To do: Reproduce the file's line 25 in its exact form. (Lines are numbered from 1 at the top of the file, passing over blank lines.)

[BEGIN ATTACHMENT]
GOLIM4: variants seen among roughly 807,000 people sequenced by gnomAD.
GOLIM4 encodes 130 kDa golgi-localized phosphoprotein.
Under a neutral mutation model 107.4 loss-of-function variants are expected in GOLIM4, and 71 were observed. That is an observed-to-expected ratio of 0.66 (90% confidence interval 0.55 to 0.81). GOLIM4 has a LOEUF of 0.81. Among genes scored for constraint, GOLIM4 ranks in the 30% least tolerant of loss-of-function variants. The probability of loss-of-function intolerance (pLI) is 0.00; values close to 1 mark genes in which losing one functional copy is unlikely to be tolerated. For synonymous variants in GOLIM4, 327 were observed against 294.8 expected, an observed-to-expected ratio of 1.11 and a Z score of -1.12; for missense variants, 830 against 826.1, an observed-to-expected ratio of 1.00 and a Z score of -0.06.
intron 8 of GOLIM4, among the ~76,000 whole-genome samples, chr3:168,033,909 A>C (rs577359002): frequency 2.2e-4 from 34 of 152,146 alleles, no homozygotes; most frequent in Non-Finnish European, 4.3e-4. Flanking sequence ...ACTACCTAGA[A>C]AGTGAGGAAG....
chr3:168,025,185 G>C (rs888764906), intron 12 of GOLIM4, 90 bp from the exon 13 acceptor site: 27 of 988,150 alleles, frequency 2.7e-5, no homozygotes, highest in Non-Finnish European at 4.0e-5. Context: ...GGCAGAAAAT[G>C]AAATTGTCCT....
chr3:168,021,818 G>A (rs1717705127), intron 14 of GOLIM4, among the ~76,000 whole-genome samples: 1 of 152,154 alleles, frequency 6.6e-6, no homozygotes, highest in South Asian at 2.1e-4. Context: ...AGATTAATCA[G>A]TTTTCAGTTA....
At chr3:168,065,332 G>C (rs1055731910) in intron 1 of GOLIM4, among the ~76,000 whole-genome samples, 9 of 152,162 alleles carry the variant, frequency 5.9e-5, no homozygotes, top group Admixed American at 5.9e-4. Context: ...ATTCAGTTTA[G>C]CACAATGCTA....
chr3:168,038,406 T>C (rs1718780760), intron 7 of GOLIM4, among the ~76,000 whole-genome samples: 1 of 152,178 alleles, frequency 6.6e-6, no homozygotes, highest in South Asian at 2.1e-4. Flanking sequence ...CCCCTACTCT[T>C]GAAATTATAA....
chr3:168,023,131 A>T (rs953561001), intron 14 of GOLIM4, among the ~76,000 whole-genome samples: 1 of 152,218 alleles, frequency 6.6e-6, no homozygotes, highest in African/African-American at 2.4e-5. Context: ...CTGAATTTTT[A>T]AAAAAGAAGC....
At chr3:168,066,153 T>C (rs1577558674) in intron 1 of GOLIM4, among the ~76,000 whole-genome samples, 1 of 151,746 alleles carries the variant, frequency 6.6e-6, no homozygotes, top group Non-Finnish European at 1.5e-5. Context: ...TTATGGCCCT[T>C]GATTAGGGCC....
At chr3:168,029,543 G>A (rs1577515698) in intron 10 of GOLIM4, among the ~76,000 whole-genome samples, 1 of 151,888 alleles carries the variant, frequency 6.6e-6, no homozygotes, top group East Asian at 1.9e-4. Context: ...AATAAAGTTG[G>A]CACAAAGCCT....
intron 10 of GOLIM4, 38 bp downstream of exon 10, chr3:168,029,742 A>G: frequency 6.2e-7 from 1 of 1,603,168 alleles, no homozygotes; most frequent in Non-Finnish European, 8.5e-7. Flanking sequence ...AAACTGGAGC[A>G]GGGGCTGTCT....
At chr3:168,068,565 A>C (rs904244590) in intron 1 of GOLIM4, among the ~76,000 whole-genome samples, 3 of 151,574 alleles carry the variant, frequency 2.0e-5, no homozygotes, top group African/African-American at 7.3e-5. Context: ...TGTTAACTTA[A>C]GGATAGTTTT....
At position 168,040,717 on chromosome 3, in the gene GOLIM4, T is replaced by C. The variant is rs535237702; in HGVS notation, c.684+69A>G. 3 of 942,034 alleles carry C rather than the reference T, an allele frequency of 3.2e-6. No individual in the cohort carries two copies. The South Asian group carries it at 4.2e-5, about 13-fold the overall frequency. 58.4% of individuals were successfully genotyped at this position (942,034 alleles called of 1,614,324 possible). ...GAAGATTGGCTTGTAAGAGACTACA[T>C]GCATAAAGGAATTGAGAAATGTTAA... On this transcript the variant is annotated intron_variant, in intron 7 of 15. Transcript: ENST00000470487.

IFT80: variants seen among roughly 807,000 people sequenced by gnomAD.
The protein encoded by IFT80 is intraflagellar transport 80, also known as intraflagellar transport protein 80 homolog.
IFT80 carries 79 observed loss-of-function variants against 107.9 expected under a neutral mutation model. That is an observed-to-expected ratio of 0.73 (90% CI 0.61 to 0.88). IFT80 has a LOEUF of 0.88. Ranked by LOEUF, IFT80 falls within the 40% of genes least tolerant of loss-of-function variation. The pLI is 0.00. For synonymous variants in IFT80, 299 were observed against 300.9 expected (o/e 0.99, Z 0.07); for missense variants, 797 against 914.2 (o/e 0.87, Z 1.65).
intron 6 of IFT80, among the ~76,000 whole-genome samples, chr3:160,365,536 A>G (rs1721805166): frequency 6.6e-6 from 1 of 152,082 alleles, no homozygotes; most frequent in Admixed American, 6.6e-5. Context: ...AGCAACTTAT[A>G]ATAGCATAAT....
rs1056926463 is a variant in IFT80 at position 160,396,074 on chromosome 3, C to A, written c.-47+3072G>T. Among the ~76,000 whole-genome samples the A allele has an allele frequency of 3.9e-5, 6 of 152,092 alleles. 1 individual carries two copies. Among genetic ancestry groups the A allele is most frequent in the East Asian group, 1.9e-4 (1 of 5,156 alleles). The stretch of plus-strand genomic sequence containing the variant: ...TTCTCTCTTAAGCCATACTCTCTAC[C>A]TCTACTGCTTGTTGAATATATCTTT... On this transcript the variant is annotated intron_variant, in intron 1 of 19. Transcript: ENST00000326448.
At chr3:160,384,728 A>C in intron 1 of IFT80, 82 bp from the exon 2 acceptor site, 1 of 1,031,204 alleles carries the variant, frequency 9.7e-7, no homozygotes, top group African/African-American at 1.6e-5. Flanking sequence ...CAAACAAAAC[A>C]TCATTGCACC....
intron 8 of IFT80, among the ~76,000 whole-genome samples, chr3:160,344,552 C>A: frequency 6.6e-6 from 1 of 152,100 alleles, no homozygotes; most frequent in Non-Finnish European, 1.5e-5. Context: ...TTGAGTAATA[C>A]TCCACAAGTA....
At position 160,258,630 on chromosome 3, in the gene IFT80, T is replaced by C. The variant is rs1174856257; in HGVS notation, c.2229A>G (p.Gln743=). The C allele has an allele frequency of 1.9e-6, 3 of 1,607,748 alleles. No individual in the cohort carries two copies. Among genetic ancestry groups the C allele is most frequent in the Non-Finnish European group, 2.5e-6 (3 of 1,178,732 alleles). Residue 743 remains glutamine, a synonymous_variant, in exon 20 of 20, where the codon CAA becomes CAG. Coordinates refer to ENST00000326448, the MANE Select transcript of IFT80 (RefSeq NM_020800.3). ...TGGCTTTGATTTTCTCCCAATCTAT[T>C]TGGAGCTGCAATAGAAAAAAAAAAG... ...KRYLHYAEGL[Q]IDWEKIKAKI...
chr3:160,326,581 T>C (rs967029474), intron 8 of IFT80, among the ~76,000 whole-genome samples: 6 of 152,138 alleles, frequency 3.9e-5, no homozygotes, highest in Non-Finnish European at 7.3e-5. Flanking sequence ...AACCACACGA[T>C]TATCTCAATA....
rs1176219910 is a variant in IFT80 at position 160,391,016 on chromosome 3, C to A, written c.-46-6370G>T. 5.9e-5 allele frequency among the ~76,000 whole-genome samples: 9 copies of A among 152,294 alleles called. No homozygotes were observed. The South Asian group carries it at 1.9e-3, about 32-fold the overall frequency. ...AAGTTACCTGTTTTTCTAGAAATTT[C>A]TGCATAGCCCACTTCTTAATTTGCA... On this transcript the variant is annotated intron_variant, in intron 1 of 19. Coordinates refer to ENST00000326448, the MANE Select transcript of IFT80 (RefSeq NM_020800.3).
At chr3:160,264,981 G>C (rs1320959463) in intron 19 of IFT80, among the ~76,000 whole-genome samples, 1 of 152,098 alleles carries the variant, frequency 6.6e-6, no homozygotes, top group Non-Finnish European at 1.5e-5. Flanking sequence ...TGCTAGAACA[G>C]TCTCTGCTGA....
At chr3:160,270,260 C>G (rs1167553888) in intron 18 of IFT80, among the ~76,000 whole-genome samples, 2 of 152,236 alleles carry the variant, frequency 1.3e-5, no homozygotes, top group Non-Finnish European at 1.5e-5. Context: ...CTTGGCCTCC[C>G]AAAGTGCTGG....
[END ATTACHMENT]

At chr3:160,264,981 G>C (rs1320959463) in intron 19 of IFT80, among the ~76,000 whole-genome samples, 1 of 152,098 alleles carries the variant, frequency 6.6e-6, no homozygotes, top group Non-Finnish European at 1.5e-5. Flanking sequence ...TGCTAGAACA[G>C]TCTCTGCTGA....